This year’s 70.3 World Championship will be weird.
Of course, that was always going to be the case, but in addition to the weirdness we can see—face masks, COVID tests, adjustments to volunteers and changing tents—what will be weirdest is what (and whom) we don’t see. In a time when triathlon is increasingly becoming a global sport, when the world championship has gotten more and more diverse and more countries are represented every year, we will see less of that this weekend than we have in years.
I got my first hint of this at Ironman Coeur d’Alene, watching the 21 Kona spots be handed out in the men’s 50-54 age group. And I had my suspicions confirmed when friends in Australia told me how athletes were turning down their slots because they had no guarantees of being able to get to the U.S. once they handed over their money. The weirdness of who will and won’t be on the start line is multiplied.
Here’s the problem: Since it went to a two-day format, there have been about 5,000 spots for the men’s and women’s races at the 70.3 World Championships. Those spots, in normal years, have to be earned or qualified for at an Ironman 70.3 race somewhere in the world (with a few exceptions). And so the spots are allocated relatively evenly to each of the 100+ 70.3 races around the globe. (Those spots are then divided up and handed out to each age group.)
However, during this 2021 qualifying period, there were the same number of spots but a lot fewer events at which to hand them out.
Goodbye spots for European and Canadian races—most of which were canceled or rescheduled for outside the qualifying window. Goodbye spots for canceled races in South America and rescheduled races in South Africa. Australia and New Zealand were able to hold events, but travel restrictions continue to heavily limit people from coming or going. Goodbye Australians and New Zealanders who can’t make it to the U.S. In fact, with quarantine requirements and travel restrictions still limiting travel, goodbye to a lot of countries’ athletes.
What happened to all those leftover spots? They got added to races that were happening. And where are races happening? America. And who can make it to a race in the U.S? Americans!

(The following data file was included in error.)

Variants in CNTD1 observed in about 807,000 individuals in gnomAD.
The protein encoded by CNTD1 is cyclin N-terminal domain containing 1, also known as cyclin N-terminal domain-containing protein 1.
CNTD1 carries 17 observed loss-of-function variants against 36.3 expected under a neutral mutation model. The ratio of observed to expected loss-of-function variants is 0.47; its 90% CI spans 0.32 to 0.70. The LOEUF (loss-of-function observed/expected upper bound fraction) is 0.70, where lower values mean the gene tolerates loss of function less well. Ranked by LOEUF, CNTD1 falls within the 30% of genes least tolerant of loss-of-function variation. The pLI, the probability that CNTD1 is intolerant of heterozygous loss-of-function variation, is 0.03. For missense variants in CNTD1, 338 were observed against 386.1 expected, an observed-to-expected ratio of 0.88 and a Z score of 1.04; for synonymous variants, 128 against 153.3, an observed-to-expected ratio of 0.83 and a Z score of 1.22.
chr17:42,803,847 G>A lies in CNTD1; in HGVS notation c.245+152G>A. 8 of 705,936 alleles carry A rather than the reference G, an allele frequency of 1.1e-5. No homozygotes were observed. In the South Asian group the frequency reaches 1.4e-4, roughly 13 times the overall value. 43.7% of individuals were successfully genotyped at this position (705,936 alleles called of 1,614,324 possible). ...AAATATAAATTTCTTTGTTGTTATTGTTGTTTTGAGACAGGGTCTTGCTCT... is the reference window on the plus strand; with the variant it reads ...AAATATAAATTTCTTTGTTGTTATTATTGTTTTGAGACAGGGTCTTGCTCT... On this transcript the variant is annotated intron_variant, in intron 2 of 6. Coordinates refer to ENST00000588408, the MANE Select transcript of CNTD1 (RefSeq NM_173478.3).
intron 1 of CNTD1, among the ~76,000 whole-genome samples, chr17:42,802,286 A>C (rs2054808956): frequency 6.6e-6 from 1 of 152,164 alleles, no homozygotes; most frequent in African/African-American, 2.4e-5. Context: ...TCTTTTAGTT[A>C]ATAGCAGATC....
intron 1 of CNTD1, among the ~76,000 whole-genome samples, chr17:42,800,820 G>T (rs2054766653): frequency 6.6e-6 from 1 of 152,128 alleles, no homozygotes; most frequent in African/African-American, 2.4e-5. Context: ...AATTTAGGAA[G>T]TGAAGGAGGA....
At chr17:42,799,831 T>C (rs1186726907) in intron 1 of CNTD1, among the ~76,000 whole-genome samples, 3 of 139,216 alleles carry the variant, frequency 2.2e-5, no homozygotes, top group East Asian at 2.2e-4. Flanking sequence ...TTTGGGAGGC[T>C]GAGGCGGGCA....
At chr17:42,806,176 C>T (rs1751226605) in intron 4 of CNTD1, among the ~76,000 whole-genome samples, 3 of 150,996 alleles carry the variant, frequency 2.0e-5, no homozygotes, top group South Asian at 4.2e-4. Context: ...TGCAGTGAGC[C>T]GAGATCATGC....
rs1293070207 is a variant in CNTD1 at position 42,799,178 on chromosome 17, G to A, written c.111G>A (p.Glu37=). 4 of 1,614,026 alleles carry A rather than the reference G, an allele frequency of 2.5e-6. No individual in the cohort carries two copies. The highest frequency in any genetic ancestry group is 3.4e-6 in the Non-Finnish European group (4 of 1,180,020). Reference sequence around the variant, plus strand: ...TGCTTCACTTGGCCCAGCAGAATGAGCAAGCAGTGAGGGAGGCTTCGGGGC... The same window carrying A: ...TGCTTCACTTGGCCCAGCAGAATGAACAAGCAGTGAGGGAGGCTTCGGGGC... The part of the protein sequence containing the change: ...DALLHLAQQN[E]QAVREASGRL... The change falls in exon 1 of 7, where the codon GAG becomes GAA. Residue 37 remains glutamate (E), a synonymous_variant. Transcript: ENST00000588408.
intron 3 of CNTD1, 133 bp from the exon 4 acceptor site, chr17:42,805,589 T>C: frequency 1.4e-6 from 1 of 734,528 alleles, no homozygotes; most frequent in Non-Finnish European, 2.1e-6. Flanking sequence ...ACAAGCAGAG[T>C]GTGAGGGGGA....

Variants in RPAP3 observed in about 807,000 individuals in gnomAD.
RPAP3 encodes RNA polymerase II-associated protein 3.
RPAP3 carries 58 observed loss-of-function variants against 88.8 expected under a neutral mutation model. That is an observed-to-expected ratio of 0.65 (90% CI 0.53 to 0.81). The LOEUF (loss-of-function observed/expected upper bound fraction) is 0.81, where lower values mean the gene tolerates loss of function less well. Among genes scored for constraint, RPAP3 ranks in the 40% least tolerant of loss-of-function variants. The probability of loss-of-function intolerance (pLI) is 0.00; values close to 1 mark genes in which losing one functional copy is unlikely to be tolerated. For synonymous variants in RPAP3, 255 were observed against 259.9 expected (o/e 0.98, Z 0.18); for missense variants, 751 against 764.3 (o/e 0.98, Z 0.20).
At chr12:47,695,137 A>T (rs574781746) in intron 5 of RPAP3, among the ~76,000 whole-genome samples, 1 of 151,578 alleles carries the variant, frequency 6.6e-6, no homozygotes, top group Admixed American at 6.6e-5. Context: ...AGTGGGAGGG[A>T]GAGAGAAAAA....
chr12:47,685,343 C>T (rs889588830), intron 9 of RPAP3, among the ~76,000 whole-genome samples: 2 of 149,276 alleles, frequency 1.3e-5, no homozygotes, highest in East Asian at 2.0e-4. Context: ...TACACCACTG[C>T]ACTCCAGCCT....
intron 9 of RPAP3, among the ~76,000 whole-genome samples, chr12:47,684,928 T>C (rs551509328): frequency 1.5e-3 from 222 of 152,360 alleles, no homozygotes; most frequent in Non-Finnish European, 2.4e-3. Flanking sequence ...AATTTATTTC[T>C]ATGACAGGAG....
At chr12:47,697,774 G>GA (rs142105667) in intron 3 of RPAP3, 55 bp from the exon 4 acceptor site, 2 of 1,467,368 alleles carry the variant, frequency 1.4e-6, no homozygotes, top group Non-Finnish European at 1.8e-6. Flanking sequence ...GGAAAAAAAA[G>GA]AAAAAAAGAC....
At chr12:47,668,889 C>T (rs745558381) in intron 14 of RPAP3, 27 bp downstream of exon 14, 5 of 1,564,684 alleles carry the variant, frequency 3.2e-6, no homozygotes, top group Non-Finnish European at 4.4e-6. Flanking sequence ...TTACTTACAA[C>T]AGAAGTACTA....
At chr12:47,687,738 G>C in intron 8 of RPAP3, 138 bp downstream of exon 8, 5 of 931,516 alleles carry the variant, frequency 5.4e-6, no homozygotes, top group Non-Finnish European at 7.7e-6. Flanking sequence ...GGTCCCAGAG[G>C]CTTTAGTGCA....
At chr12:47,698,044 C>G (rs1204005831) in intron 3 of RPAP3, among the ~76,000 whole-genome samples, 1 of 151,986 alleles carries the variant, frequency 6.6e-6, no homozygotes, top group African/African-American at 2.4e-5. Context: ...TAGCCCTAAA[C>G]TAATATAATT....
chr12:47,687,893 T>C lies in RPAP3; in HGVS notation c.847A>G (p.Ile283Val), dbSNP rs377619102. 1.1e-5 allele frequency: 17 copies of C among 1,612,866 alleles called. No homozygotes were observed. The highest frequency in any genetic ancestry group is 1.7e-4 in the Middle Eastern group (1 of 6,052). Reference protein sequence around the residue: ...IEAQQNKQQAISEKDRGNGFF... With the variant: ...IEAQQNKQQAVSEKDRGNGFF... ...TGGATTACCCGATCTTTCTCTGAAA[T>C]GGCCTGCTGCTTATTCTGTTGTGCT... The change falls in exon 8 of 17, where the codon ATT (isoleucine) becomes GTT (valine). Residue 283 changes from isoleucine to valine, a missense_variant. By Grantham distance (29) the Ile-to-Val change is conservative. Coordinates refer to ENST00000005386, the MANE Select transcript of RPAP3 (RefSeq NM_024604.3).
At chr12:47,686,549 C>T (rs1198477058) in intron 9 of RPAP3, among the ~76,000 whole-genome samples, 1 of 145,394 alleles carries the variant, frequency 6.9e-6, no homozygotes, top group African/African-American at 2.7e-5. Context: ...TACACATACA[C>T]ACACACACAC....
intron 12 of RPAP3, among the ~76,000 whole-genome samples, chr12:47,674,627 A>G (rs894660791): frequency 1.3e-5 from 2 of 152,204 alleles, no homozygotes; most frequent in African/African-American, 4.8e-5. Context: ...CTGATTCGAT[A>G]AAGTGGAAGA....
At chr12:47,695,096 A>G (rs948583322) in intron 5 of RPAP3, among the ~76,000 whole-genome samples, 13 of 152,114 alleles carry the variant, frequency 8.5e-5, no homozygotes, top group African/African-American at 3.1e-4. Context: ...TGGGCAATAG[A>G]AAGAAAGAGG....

And so dozens and dozens of 70.3 St. George spots were then added—many times at the last minute—to the American races that were able to go off.
This means more Americans than ever will be at the start line in Utah. While the U.S. always has the largest number of athletes of any nation (though not the largest percentage of podium finishes), they’re typically around just 20% of the World Championship field. While that percentage is higher when the race is in the U.S., Ironman says this year’s field is 70% American. The last few years when the world championship races were held, there was a larger percentage of athletes from outside the most-represented 10 countries than there ever had been—i.e., more countries and a wider range were represented on the start line. That will not be the case this year.
This doesn’t mean anyone on the start line doesn’t deserve to be there. They all earned their spots exactly the way you’re supposed to earn a spot. The reality of the world isn’t their fault, but the reality is also that Ironman has thousands of age-groupers who pay to race—and it is not a cheap event to put on. They need to hand out all of these spots however they can.
And so we are left with a baseball World Series phenomenon: a world championship event that’s heavily American. Once upon a time, it wasn’t weird when the hundreds of people lining up were mostly from the U.S. with a handful of Germans and Australians. Now, it seems weirder than ever.
A version of this commentary originally ran in the Sept/Oct magazine issue as part of the Kona preview.